The Ecologist

Banana plantation in Cienaga, Magdalena, Colombia. Photo: J. Stephen Conn via Flickr (CC BY-NC).
Banana plantation in Cienaga, Magdalena, Colombia. Photo: J. Stephen Conn via Flickr (CC BY-NC).
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Disease may wipe out the world's bananas - unless we adopt agroecological solutions

Angelina Sanderson Bellamy, Cardiff University

7th February 2016

Bananas are at the sharp end of industrial agriculture's chemical war on pests and pathogens, writes Angelina Sanderson Bellamy. But even 60 pesticide sprays a year isn't enough to keep the diseases at bay. It's time to seek new solutions with little or no use of chemicals, working with nature, growing diverse crops on the same land - and breaking the dominance of the banana multinationals.

Herbicides that control weeds are applied up to eight times a year, while bananas may be sprayed with fungicides from a plane more than 50 times per year in order to control Black Sigatoka, an airborne fungus.

Catastrophe is looming for the banana industry.

A new strain has emerged of a soil-borne fungus known as 'Panama disease' which can wipe out entire plantations - and it is rapidly spreading around the world.

Farmers in Australia, Latin America and across Asia and Africa all fear the worst.

The fungus is almost impossible to stop or eradicate. It moves through soil, so contamination can be as simple as infected dirt travelling from one farm to another on the sole of a shoe, or as complex as soil particles blowing on the wind across long distances - even across oceans, in theory.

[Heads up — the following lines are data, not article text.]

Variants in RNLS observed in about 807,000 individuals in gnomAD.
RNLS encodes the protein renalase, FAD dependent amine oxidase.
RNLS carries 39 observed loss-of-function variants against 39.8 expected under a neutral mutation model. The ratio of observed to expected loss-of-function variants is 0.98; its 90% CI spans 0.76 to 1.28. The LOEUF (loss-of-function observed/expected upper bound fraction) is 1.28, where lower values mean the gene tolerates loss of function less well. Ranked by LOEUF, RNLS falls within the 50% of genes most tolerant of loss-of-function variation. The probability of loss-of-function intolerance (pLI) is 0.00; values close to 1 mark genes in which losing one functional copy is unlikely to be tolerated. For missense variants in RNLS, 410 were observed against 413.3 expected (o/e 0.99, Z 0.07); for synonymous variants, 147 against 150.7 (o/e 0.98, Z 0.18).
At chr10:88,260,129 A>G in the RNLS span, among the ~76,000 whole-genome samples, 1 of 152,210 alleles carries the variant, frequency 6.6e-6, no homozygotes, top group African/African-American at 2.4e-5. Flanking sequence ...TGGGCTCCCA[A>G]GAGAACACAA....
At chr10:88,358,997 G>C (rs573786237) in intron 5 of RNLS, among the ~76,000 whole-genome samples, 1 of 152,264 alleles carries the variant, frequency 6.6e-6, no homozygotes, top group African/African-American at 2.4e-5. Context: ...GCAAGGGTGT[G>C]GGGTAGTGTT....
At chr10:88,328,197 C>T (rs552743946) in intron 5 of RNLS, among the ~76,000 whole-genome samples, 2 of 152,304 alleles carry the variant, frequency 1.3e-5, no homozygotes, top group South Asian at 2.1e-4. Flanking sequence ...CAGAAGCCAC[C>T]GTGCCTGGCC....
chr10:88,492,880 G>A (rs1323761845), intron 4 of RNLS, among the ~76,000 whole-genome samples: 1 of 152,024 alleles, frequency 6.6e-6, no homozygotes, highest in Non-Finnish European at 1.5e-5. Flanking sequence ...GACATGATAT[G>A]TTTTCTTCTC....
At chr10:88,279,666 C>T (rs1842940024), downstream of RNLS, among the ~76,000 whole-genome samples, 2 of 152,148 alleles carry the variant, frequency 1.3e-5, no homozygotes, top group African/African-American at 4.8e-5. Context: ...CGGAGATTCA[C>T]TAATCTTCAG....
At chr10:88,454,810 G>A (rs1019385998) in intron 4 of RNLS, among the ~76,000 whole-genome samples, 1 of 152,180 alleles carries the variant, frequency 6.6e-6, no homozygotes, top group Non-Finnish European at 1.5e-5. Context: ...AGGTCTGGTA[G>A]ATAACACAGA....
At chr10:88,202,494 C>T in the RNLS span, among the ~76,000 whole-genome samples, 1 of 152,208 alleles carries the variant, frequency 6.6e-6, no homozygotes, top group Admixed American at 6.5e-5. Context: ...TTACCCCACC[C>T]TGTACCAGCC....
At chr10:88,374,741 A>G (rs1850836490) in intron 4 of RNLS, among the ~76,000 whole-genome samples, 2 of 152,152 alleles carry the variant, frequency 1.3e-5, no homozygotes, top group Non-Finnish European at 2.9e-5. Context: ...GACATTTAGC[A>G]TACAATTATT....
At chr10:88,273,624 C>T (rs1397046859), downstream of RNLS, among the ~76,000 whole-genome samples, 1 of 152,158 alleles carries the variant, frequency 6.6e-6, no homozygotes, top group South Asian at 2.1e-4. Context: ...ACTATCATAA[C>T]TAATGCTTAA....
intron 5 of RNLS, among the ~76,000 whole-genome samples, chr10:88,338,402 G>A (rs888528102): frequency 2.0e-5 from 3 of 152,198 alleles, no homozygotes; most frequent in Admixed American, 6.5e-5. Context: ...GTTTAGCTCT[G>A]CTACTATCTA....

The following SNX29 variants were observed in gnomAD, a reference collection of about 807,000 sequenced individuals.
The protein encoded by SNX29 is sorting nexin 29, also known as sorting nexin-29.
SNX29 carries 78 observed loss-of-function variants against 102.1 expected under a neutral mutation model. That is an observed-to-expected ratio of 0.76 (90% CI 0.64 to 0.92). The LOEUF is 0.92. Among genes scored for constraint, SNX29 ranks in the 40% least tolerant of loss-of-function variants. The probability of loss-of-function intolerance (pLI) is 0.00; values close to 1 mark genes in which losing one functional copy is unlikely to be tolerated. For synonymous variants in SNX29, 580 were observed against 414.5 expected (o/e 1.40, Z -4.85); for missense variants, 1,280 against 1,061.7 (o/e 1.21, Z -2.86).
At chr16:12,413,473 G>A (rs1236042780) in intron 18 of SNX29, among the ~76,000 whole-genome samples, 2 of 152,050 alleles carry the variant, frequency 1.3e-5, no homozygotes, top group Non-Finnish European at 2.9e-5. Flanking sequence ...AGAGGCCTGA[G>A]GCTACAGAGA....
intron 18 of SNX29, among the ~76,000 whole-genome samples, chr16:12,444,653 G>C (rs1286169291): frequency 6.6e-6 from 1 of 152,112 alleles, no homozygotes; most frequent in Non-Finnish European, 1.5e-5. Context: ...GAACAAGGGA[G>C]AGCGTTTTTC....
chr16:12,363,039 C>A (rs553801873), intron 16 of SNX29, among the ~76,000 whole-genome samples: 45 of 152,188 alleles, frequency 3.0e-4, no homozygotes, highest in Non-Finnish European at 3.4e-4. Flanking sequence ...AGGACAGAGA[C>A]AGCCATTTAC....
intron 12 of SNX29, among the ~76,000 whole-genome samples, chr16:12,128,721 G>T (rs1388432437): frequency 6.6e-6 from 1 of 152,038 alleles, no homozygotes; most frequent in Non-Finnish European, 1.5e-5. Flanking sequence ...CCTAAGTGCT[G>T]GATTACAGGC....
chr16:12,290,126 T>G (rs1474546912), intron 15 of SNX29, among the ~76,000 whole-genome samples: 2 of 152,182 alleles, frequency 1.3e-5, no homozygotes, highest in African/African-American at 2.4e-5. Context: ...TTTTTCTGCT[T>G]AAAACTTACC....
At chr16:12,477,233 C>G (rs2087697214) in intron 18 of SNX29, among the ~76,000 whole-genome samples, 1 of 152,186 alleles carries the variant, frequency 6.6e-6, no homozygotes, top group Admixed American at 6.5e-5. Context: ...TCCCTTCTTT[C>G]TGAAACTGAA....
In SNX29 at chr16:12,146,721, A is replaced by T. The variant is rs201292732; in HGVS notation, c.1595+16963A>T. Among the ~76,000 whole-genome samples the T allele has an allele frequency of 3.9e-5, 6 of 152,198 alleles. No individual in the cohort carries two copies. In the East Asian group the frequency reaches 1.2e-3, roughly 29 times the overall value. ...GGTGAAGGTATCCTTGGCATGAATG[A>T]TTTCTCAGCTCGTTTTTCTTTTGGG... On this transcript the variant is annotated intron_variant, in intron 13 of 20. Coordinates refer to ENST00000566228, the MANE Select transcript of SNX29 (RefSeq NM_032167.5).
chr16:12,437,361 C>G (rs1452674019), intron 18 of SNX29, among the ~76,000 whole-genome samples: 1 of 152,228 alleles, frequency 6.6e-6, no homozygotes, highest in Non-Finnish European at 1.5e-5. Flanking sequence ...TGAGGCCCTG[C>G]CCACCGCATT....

Faced with huge losses to a global industry, many have called for a new strain of disease-resistant 'superbanana'. However, this would be just another temporary fix.

After all, the world's most popular banana, the Cavendish, was itself the wonder fruit of its day, being introduced in the 1950s after an earlier strain of Panama disease destroyed its predecessor.

The fungi simply adapted and fought back, though, until the Cavendish also became susceptible. Panama and other diseases will continue to do so until we seriously reform how we grow and market bananas.

Gone bananas

The banana industry is its own worst enemy. The huge farms where most exported bananas are grown are ideal for pests. These plantations are monocultures, which means they grow only bananas and nothing else.

With very few shifts between crops over the years, and lots of tropical sunshine, there is an abundant and year-round supply of food for pests without any breaks, in time or space, to disrupt the supply and lower the disease pressure.

Banana producers spend a third of their income on controlling these pests, according to a study I published in 2013. Chemicals to control microscopic but deadly worms are applied several times a year. Herbicides that control weeds are applied up to eight times a year, while bananas may be sprayed with fungicides from a plane more than 50 times per year in order to control Black Sigatoka, an airborne fungus.

And those bags that are wrapped around each individual banana bunch? They're lined with insecticides to serve as both a physical and chemical barrier to insects feeding on and damaging the skins.